Flat Note from the Pied Piper of Globalization

Flat Note from the Pied Piper of Globalization

Thomas L. Friedman’s The World Is Flat

The World Is Flat: A Brief History of the Twenty-First Century
by Thomas L. Friedman
Farrar, Straus and Giroux, 2005, 488 pp., $27.50



Thomas L. Friedman’s new book is one of those works that reveals more than the author seems to intend—or perhaps understands. For the past year or so, a new tone has seeped into the writings of Friedman and the other pundits who have promoted the protection system for transnational investors that we call globalization and the rest of the world calls “neoliberalism.” In the past they have assured us that, whatever we call this process, it is a “win-win” for everyone, apparently the only exception to the dictum of another Friedman (Milton, no relation) that there is no free lunch.

But as the economic casualties—lost jobs, lower wages, the proliferation of sweatshops—have mounted, the tune is now slightly less upbeat. There is, after all, a bit of a bill to be paid, and Americans, of all people, will have to pay it.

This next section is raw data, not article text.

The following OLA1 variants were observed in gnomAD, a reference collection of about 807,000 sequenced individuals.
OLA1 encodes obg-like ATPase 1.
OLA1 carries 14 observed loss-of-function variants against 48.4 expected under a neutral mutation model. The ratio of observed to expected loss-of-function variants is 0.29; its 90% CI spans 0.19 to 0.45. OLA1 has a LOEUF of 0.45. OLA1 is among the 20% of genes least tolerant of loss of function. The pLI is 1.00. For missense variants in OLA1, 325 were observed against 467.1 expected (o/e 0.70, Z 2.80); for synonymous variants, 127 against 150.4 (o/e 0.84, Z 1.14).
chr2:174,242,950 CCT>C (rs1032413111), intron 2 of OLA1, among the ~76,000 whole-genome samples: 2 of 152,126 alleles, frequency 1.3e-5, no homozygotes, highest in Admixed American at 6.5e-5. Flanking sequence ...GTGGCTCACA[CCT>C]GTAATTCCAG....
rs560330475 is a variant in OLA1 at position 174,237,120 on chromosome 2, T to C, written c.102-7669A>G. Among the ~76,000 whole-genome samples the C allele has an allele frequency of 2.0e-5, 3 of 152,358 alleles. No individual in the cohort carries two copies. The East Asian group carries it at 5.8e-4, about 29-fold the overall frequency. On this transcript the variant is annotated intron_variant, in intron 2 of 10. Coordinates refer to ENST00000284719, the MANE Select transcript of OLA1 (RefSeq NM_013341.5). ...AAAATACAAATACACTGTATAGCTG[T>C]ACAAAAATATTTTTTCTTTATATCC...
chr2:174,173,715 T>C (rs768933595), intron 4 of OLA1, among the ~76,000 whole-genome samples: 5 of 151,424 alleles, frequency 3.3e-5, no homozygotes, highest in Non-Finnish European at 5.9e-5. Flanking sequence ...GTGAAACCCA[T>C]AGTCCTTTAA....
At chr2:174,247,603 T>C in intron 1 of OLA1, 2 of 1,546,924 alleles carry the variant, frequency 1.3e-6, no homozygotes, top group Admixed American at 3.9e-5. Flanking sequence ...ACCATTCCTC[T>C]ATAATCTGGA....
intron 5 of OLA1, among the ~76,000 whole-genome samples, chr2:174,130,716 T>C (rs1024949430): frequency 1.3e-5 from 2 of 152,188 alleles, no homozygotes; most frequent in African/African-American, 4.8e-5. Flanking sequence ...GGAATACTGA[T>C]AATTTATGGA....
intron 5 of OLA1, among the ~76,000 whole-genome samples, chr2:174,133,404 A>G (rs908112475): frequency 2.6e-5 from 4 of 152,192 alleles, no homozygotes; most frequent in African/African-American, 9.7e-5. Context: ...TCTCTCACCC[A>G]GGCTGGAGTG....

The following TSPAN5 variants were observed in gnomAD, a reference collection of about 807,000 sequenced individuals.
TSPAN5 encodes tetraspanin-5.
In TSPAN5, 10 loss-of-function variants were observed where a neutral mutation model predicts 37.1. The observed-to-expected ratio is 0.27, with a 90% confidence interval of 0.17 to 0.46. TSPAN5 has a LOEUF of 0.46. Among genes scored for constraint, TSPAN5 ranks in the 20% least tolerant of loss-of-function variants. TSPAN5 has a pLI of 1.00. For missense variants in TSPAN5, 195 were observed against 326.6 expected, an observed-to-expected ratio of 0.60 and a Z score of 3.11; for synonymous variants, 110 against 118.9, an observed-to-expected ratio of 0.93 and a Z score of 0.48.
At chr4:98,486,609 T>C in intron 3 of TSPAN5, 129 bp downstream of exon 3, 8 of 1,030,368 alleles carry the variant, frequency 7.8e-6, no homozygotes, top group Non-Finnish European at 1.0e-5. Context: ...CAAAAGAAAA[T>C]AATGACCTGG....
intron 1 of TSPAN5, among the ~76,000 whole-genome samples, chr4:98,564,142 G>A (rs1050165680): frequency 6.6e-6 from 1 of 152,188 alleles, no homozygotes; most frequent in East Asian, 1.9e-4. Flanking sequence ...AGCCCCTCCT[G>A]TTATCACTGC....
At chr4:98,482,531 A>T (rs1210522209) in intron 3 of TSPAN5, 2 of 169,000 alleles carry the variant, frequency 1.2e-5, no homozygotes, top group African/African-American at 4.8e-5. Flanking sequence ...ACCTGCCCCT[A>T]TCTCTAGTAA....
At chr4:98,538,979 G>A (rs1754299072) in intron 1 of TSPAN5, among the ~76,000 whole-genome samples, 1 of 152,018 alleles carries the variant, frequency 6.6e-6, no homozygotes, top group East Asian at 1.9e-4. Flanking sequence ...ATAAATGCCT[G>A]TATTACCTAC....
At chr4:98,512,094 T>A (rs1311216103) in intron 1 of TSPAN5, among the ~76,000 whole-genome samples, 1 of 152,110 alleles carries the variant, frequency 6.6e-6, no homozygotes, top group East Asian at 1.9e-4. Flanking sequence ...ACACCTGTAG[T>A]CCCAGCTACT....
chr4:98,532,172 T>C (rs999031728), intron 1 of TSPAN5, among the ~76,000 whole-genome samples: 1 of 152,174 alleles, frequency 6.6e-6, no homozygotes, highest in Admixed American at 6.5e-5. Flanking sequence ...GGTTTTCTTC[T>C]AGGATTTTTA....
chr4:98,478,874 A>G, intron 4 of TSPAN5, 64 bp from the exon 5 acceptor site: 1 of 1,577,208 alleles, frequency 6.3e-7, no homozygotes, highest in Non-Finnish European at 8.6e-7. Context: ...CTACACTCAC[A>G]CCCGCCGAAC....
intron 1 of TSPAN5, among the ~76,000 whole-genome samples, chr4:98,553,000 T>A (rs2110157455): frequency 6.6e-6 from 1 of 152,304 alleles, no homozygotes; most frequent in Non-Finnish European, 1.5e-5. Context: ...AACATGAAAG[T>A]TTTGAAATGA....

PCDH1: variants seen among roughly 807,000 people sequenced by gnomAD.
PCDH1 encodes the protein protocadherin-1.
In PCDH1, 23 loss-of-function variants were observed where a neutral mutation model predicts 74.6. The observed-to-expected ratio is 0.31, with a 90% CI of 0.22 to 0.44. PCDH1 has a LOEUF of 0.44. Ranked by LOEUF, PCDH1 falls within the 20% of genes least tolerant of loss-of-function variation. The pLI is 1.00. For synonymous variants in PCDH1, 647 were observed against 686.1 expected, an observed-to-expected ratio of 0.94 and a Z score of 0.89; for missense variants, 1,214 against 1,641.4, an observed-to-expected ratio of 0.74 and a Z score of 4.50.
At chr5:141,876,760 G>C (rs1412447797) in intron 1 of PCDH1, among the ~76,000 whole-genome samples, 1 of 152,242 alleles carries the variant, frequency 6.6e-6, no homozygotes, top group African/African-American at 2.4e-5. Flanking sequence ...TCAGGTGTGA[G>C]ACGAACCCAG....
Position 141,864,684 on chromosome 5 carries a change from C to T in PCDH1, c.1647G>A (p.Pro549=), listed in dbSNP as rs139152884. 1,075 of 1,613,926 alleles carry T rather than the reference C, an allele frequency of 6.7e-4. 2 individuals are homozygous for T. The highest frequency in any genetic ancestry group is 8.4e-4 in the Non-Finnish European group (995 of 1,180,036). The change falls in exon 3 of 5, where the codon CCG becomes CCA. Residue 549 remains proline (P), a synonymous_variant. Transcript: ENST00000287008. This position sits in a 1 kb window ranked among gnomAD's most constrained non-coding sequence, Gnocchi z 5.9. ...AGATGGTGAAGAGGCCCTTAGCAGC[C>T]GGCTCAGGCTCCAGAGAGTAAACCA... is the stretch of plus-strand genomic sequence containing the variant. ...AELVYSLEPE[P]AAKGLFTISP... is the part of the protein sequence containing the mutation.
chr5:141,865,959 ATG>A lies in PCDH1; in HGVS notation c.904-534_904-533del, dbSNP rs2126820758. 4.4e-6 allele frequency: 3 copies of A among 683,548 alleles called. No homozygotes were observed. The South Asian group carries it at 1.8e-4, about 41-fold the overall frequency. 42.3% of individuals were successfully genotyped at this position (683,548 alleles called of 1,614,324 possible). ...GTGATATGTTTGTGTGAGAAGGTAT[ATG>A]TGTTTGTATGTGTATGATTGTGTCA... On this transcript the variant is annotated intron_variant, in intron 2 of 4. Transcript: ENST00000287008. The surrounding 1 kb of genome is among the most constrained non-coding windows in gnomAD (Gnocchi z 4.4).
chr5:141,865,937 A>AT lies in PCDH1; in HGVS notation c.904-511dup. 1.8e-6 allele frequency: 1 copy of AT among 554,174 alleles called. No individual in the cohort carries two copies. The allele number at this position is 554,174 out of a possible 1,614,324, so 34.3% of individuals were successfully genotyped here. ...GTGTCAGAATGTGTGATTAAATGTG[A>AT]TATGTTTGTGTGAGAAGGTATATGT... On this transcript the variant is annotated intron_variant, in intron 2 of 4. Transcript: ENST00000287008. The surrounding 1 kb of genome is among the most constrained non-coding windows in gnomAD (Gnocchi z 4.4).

As one would expect, Friedman’s new book is a paean to the entrepreneurs who are “flattening” the world; in other words, taking advantage of the new technologies that allow businesspeople to enter the global market from anywhere.

In his trademark style, Friedman gives us pithy snippets of his conversations with people around the world who are getting rich on this phenomenon and, not surprisingly, think it is a great thing.


Jeff Faux was the founding president and is now Distinguished Fellow of the Economic Policy Institute. His new book, The Global Class War, will be published by Wiley in January.